EFCC Asks Swiss Authority For Help Over $6.8 Billion Subsidy Scam

The Economic and Financial Crimes Commission (EFCC) has confirmed that it has sought Switzerland’s help in the investigation of a multi-billion dollar fuel subsidy scam, after some Swiss oil trading houses refused to cooperate with the authorities in Abuja.

EFCC’s boss, Ibrahim Lamorde, confirmed to Reuters that a request was sent to Swiss authorities in October after some trading houses declined to provide documents.

“They are not forthcoming. And most of the information is  not in their Nigerian offices,” Mr Lamorde told Reuters on Friday.

He declined to name the companies which did not cooperate.

The EFCC is trying to unpick a web of collusion between fuel importers and corrupt officials that has led to the federal government,  paying of nearly double the amount of fuel it receives.

Asked if trading houses were themselves complicit in the fraud, Mr Lamorde replied: “We just want information to confirm some of the things the (Nigerian fuel) marketers have said … whether they sold such products to Nigerians or not.”

The judicial authority for Geneva, home to many private trading houses, said Switzerland had requested additional information on the probe from Nigerian authorities.

“This case involves suspected subsidy fraud on imports of refined products by Nigerian companies. They acquired the oil from companies based in Geneva,” a spokeswoman for the authority said in an emailed statement to Reuters.

She added that Geneva-based trading houses were not directly implicated in the Nigerian investigation.

She did not name the companies involved in shipments. Past suppliers have included many large Swiss-based private trading houses. Swiss-based Nimex Petroleum was suspended earlier this year by Nigeria’s fuel regulator for failing to provide documents for shipments.

A source at a trading house said some international commodity trading firms had been asked earlier this year to provide paperwork of fuel shipments to Nigerian authorities as part of the probe.

A probe by the National Assembly put the cost of the fuel subsidy fraud at $6.8 billion between 2009 and 2011, almost a quarter of the national budget.

As a result of the probe some fuel importers have been charged in courts but no one has yet been convicted, and most of the targets have been relatively low level, rather than big players.

The federal government opened an investigation in January into fraud in the administration of the subsidy scheme after an abortive attempt to remove it by President Goodluck Jonathan.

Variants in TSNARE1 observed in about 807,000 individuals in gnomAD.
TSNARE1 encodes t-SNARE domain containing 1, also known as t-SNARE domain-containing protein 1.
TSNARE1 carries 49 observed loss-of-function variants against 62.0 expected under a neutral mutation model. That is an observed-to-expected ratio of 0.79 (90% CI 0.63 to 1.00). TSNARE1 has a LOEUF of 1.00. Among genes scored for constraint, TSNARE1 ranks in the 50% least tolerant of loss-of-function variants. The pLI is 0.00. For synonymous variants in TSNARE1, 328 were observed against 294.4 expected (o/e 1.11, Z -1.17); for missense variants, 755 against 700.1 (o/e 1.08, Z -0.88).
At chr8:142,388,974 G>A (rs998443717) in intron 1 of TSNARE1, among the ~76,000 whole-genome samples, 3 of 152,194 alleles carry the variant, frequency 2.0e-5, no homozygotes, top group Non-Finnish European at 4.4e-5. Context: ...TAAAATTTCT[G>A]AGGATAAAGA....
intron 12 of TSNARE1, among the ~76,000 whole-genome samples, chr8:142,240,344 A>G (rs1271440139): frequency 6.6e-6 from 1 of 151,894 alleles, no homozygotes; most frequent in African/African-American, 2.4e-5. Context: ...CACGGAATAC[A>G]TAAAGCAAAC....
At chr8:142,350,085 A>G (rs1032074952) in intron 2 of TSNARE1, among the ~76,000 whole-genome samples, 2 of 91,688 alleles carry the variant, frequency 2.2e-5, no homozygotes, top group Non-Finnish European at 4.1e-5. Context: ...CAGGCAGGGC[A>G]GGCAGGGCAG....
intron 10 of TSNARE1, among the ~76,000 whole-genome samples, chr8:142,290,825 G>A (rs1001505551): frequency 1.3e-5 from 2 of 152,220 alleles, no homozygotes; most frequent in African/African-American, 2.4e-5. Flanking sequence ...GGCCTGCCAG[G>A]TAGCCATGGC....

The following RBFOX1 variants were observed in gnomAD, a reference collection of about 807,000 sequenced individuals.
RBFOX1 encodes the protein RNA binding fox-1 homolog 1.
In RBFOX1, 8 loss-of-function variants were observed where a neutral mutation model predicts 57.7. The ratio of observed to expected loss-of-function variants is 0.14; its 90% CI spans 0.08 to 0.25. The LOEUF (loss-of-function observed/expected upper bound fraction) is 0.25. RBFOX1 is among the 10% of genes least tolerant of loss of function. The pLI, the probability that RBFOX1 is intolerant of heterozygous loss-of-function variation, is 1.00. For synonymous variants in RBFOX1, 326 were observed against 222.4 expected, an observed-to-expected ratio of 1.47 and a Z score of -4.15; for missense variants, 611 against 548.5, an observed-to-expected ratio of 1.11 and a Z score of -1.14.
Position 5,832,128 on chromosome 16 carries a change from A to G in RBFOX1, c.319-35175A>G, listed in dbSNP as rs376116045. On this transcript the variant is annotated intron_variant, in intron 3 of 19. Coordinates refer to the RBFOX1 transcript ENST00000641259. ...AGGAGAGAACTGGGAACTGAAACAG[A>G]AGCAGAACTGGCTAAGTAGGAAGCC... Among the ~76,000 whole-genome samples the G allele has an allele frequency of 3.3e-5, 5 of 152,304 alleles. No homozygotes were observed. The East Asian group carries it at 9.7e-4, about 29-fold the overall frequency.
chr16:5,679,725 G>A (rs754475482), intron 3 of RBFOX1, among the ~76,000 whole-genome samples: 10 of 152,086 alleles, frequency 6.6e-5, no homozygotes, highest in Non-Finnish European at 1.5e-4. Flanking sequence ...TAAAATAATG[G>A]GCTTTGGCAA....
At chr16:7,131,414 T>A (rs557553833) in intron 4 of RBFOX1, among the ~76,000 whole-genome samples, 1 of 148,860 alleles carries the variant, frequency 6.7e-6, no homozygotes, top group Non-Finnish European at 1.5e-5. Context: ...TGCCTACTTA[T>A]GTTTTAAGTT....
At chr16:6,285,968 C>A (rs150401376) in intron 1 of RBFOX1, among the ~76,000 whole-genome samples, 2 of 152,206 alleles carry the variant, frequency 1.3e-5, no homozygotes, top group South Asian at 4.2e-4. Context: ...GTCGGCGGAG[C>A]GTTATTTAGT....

Nigeria imports most of the fuel it consumes because its refineries are ill-maintained and run at a fraction of their capacity. The government buys the fuel then sells it to the public at cheap, subsidised prices.

Private fuel marketers are thought to have abused the country’s subsidy system by misreporting fuel volumes, for example by reporting the same cargo more than once in a practice known as “round-tripping.”

Some of this fuel was sourced from tankers chartered by large trading houses anchored offshore Nigeria.

 

 

PPPRA suspends Nimex Petroleum over subsidy documents

A Swiss-based oil firm, Nimex Petroleum has been suspended by  the Petroleum Products Pricing Regulatory Agency (PPPRA) for failing to provide original documents for the importation of fuel and subsidy claims.

Nimex Petroleum confirmed on Wednesday that PPPRA had suspended its activities in a letter dated May 3 over missing documentation relating to the delivery of two shipments of around 10,000-12,000 tonnes of gasoline.

At current market prices, the subsidy payment due for the shipments in question is worth around $10 million.

PPPRA is one of several agencies indicted for overseeing a fraudulent scheme that paid out large sums in fuel subsidy claims for fuel that was not imported or was sold abroad.

According to a recent probe by the House of Representatives ad-hoc committee on the mis-management of the fuel subsidy, the schemes around the importation of refined fuel is estimated to cost the country $6.8 billion between 2009-2011.

Nimex said it had sent the PPPRA copies of documents – rather than originals as requested – because some banks were holding the original papers as credit until the subsidy payment was received.

“The originals are in the banking channel,” Nimex’s general manager Oliver Hess told Reuters, adding the bank would hold the documents until the regulator had paid out the sum due for the shipments.

But the bank would not release the original documents until the regulator had paid the subsidy, Hess said, creating a situation in which the oil firm was going around in circles to obtain the missing documentation requested.

Two Nimex employees were travelling to Abuja with most of the original document requested, Hess said, adding the firm hoped to resolve the dispute by Friday.

The investigation disclosed that 18 firms never produced the documents required to prove the subsidy funds received from the government tallied with the amount of fuel they had imported.

The federal government tried in vain to end fuel subsidies in January, but a week of public protests forced the government to partially re-instate the payments, seen as a drain on its budget.